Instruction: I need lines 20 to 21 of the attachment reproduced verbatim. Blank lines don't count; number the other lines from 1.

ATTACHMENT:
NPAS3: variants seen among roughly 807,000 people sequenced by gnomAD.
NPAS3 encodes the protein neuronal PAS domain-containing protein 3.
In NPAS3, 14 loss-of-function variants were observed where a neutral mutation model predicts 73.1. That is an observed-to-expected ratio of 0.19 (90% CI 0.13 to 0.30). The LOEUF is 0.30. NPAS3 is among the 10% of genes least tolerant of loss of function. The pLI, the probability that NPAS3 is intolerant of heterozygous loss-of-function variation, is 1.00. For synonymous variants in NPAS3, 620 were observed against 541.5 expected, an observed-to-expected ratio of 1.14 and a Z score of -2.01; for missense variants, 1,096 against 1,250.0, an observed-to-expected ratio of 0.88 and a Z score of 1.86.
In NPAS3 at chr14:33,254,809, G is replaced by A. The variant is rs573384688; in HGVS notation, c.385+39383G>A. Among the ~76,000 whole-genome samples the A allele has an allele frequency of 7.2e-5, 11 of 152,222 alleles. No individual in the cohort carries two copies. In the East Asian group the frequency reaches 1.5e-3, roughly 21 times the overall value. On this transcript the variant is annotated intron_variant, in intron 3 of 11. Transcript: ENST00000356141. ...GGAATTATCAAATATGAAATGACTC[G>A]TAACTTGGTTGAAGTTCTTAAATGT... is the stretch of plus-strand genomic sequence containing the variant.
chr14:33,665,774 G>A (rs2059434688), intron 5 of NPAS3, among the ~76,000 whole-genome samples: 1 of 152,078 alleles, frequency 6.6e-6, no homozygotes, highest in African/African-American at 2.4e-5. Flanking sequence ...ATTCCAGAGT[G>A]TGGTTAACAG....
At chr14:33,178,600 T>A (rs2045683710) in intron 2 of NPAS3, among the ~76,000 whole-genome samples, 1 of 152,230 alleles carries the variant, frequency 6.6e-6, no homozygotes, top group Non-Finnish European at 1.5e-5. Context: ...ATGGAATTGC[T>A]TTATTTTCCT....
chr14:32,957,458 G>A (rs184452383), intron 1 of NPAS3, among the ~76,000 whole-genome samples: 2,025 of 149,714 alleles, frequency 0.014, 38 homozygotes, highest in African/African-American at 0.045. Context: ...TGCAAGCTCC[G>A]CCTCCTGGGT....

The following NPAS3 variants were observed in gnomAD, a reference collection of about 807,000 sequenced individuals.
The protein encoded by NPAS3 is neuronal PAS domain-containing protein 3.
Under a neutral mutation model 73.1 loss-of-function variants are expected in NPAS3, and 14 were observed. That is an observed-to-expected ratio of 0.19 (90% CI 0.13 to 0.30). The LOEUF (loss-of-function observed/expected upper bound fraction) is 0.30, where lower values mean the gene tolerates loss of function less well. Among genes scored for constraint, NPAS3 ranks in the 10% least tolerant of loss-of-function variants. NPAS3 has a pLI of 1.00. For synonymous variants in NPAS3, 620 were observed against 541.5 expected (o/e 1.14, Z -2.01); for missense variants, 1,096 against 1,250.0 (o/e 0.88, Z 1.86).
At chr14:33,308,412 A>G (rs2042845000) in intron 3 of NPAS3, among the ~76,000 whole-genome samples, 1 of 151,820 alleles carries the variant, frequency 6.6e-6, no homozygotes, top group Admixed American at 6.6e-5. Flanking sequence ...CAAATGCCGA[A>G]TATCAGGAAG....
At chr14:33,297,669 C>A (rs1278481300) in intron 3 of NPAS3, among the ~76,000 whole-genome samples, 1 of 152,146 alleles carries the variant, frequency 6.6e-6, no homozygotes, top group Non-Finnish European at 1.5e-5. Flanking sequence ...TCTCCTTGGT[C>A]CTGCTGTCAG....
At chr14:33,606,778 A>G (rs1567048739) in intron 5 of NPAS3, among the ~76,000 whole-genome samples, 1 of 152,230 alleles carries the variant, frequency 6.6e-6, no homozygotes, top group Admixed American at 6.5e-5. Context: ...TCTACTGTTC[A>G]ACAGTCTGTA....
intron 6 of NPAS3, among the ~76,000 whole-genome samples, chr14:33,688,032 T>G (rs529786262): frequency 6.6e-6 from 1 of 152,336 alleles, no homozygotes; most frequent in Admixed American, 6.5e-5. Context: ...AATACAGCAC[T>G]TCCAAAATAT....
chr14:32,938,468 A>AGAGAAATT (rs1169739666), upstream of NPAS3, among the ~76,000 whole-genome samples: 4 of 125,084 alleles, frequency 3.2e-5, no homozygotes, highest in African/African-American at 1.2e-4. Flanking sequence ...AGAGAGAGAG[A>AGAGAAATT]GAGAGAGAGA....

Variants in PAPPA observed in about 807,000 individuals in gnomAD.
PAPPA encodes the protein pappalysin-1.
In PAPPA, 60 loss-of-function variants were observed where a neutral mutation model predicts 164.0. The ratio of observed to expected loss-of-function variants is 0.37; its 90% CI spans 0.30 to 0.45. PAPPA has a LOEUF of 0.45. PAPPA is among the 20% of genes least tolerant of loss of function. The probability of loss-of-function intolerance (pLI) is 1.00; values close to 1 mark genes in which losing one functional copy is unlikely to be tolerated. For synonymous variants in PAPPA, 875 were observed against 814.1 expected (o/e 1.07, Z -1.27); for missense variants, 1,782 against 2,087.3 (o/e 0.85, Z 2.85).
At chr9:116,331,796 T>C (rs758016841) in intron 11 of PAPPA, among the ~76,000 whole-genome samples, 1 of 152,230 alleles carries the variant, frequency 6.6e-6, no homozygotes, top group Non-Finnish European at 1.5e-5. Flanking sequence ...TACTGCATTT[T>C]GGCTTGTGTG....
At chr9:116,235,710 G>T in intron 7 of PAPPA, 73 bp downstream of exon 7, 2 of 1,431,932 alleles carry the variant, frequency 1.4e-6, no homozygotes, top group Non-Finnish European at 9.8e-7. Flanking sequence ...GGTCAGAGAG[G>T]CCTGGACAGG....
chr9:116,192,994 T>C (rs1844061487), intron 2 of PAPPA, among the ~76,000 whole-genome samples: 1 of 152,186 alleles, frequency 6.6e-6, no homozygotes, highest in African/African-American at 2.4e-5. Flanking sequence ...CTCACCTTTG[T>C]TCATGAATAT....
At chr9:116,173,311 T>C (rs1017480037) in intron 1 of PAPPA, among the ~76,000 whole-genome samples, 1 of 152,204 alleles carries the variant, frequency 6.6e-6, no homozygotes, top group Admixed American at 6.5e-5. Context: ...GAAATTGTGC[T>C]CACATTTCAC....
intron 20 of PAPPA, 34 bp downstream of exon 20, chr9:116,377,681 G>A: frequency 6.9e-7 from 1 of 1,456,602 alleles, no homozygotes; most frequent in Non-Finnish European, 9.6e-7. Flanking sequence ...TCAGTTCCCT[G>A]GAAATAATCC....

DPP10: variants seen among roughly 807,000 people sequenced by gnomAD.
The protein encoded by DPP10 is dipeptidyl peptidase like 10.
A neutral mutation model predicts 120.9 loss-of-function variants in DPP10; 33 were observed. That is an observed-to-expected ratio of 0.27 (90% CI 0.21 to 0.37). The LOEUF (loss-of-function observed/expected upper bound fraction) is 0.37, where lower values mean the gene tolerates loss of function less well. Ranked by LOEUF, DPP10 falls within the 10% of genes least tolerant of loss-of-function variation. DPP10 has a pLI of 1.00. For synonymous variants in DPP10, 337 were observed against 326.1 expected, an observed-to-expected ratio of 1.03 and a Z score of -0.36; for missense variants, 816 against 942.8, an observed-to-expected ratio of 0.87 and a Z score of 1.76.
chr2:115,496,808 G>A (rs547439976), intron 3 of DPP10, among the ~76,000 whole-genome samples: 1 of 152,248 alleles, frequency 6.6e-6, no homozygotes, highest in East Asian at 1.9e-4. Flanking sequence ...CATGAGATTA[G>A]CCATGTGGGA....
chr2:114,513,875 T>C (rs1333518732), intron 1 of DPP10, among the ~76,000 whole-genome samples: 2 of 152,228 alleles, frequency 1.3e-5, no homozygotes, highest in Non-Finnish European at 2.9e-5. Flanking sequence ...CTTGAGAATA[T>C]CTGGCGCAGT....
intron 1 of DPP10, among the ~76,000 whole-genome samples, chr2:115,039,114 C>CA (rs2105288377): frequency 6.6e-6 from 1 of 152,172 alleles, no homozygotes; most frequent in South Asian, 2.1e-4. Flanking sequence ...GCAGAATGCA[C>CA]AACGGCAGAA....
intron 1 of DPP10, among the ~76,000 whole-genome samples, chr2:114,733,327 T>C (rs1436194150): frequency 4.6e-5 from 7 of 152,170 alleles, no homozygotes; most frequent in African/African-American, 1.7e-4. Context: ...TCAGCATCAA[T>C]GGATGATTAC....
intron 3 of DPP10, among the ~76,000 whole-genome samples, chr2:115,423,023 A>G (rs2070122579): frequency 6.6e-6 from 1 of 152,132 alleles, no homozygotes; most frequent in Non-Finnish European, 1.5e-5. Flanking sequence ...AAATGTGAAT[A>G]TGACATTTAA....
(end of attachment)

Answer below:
At chr9:116,235,710 G>T in intron 7 of PAPPA, 73 bp downstream of exon 7, 2 of 1,431,932 alleles carry the variant, frequency 1.4e-6, no homozygotes, top group Non-Finnish European at 9.8e-7. Flanking sequence ...GGTCAGAGAG[G>T]CCTGGACAGG....
chr9:116,192,994 T>C (rs1844061487), intron 2 of PAPPA, among the ~76,000 whole-genome samples: 1 of 152,186 alleles, frequency 6.6e-6, no homozygotes, highest in African/African-American at 2.4e-5. Flanking sequence ...CTCACCTTTG[T>C]TCATGAATAT....